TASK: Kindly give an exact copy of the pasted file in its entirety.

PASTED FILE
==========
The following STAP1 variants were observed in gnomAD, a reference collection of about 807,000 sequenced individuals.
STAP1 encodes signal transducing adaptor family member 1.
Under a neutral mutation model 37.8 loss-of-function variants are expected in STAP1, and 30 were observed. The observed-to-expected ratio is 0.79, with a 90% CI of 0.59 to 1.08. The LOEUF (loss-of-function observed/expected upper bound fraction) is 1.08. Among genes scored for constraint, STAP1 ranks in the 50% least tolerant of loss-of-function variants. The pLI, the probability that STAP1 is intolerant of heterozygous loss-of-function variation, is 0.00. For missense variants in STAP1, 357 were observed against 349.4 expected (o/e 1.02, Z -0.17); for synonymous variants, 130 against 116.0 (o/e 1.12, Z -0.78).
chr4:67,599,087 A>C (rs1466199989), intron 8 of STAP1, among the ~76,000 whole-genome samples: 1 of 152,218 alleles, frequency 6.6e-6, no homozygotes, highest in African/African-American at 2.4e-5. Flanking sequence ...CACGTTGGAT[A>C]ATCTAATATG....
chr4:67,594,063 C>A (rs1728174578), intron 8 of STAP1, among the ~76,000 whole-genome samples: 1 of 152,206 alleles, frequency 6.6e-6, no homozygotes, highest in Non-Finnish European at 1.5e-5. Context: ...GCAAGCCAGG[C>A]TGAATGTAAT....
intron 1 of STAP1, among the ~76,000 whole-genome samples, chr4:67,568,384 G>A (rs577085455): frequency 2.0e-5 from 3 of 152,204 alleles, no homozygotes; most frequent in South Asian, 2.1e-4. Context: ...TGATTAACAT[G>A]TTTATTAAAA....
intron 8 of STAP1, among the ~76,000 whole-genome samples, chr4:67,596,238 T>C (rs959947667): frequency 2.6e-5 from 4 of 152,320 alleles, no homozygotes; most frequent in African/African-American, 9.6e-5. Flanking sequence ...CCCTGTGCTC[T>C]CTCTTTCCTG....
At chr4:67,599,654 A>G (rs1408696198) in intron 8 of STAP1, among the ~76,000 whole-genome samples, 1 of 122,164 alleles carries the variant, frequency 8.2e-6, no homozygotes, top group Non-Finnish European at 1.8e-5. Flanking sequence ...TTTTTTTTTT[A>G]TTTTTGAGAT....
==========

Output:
The following STAP1 variants were observed in gnomAD, a reference collection of about 807,000 sequenced individuals.
STAP1 encodes signal transducing adaptor family member 1.
Under a neutral mutation model 37.8 loss-of-function variants are expected in STAP1, and 30 were observed. The observed-to-expected ratio is 0.79, with a 90% CI of 0.59 to 1.08. The LOEUF (loss-of-function observed/expected upper bound fraction) is 1.08. Among genes scored for constraint, STAP1 ranks in the 50% least tolerant of loss-of-function variants. The pLI, the probability that STAP1 is intolerant of heterozygous loss-of-function variation, is 0.00. For missense variants in STAP1, 357 were observed against 349.4 expected (o/e 1.02, Z -0.17); for synonymous variants, 130 against 116.0 (o/e 1.12, Z -0.78).
chr4:67,599,087 A>C (rs1466199989), intron 8 of STAP1, among the ~76,000 whole-genome samples: 1 of 152,218 alleles, frequency 6.6e-6, no homozygotes, highest in African/African-American at 2.4e-5. Flanking sequence ...CACGTTGGAT[A>C]ATCTAATATG....
chr4:67,594,063 C>A (rs1728174578), intron 8 of STAP1, among the ~76,000 whole-genome samples: 1 of 152,206 alleles, frequency 6.6e-6, no homozygotes, highest in Non-Finnish European at 1.5e-5. Context: ...GCAAGCCAGG[C>A]TGAATGTAAT....
intron 1 of STAP1, among the ~76,000 whole-genome samples, chr4:67,568,384 G>A (rs577085455): frequency 2.0e-5 from 3 of 152,204 alleles, no homozygotes; most frequent in South Asian, 2.1e-4. Context: ...TGATTAACAT[G>A]TTTATTAAAA....
intron 8 of STAP1, among the ~76,000 whole-genome samples, chr4:67,596,238 T>C (rs959947667): frequency 2.6e-5 from 4 of 152,320 alleles, no homozygotes; most frequent in African/African-American, 9.6e-5. Flanking sequence ...CCCTGTGCTC[T>C]CTCTTTCCTG....
At chr4:67,599,654 A>G (rs1408696198) in intron 8 of STAP1, among the ~76,000 whole-genome samples, 1 of 122,164 alleles carries the variant, frequency 8.2e-6, no homozygotes, top group Non-Finnish European at 1.8e-5. Flanking sequence ...TTTTTTTTTT[A>G]TTTTTGAGAT....